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Thermal Inactivation Kinetics for Salmonella Enteritidis PT30 on Almonds Subjected to Moist-Air Convection Heating

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A traditional thermal inactivation kinetic model (D- and z-value) was modified to account for the effect of process humidity on thermal inactivation of Salmonella Enteritidis PT30 on the surface of almonds subjected to moist-air heating. Raw almonds were surface inoculated to ∼108 CFU/g and subjected to moist-air heating in a computer-controlled laboratory-scale convection oven. Time-temperature data were collected for 125 conditions (five dry bulb temperatures, 121 to 232°C; five process humidity levels, 5 to 90% moisture by volume; and five process durations). Moisture status at the surface of the almond, rather than the humidity of the bulk air, was a primary factor controlling the rate of inactivation; therefore, the D-value could not be a simple function of process temperature. Instead, the traditional D- and z-value model was modified to account for the dynamic water status at the surface of the product under humid heating conditions. The modified model needs only the dew point temperature of the processing air and dynamic surface temperature history of the almonds during moist-air heating. The modified model was more robust and accurate than the traditional model. The accuracy of the modified model was improved by 32 to 44% (in terms of the root mean squared error [RMSE] for the model fit) when compared with the traditional model in all moist-air heating conditions. Also, the prediction error of the modified model (RMSE = 1.33 log reductions) against an independent validation data set was approximately one-half that of the traditional model (RMSE = 2.56 log reduction) in the humidity range of 5 to 90% moisture by volume.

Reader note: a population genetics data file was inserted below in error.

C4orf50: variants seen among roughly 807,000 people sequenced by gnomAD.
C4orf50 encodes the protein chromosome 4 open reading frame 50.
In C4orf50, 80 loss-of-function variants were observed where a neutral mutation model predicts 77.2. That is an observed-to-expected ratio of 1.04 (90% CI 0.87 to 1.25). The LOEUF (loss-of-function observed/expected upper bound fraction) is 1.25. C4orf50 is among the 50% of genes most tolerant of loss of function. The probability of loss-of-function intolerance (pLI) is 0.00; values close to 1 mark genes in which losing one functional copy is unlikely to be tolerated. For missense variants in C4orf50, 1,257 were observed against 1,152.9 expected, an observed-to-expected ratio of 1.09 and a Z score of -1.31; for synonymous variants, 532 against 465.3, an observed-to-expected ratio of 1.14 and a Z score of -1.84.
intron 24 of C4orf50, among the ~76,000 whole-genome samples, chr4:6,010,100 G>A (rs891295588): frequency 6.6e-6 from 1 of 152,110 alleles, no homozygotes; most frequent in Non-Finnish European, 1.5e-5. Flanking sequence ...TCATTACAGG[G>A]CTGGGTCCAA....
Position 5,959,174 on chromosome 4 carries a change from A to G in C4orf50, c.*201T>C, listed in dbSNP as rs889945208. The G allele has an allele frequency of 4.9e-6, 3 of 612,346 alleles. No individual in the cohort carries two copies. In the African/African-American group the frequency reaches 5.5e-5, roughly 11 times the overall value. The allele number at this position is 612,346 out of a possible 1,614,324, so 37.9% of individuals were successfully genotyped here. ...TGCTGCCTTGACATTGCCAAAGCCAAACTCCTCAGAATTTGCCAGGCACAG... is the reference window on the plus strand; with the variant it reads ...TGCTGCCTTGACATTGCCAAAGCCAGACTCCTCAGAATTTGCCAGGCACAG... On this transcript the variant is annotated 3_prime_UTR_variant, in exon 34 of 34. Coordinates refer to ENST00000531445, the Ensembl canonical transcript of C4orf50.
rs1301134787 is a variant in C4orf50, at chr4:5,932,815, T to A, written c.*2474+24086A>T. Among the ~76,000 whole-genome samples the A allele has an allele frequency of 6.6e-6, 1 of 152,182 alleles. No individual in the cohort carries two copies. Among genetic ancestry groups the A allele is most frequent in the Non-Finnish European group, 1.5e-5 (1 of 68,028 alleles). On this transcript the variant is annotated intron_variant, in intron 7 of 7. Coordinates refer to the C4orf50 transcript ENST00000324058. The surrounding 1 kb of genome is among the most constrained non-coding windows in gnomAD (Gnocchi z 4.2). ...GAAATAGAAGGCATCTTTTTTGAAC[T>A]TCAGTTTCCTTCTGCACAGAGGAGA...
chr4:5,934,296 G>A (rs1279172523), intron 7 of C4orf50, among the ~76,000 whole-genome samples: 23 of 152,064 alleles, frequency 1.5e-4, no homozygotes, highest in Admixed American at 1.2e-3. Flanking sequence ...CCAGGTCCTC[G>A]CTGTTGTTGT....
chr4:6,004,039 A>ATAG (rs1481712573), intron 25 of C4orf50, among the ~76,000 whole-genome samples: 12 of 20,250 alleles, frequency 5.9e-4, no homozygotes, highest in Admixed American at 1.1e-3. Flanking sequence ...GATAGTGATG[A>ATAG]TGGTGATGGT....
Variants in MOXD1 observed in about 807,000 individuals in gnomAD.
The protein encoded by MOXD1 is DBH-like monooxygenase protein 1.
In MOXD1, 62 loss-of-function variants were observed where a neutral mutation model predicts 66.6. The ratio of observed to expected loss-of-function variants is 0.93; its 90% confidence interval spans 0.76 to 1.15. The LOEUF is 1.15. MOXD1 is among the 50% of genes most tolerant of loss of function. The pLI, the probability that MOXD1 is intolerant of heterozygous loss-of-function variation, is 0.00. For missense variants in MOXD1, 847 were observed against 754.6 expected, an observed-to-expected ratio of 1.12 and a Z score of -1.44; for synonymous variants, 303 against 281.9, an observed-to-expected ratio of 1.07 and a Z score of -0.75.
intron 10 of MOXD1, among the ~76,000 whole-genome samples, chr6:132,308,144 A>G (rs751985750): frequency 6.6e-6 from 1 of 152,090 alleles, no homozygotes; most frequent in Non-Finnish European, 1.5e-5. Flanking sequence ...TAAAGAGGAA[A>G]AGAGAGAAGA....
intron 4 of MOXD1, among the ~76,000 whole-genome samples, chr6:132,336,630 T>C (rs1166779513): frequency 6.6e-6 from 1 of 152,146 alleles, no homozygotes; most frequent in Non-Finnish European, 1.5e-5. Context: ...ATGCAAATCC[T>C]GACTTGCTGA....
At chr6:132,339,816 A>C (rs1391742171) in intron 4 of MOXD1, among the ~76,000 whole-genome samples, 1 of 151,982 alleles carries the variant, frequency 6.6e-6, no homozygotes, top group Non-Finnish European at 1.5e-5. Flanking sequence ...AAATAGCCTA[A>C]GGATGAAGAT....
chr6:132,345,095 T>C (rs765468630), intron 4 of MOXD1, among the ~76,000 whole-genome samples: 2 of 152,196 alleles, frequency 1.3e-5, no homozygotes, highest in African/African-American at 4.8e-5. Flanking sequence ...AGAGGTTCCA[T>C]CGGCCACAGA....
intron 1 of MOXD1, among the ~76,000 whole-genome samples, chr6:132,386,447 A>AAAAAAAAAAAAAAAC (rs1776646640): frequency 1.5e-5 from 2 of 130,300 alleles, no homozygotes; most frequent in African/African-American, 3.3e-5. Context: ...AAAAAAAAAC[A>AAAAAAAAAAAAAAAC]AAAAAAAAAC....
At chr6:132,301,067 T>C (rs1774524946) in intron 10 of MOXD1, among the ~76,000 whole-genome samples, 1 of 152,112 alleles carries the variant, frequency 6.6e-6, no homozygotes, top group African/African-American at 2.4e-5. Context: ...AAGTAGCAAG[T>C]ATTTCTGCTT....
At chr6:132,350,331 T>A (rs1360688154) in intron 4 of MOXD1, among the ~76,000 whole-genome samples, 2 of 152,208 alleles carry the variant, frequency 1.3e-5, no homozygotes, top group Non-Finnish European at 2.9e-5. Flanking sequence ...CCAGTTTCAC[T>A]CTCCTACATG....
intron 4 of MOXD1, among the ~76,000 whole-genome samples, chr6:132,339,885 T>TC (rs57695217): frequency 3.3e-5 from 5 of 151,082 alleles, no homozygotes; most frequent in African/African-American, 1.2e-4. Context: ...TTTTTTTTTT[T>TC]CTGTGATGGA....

Document Type: Research Article

Affiliations: 1: Biosystems and Agricultural Engineering, Michigan State University, East Lansing, Michigan 48824, USA 2: Food Science, Cornell University, Ithaca, New York 14853, USA

Publication date: August 1, 2009

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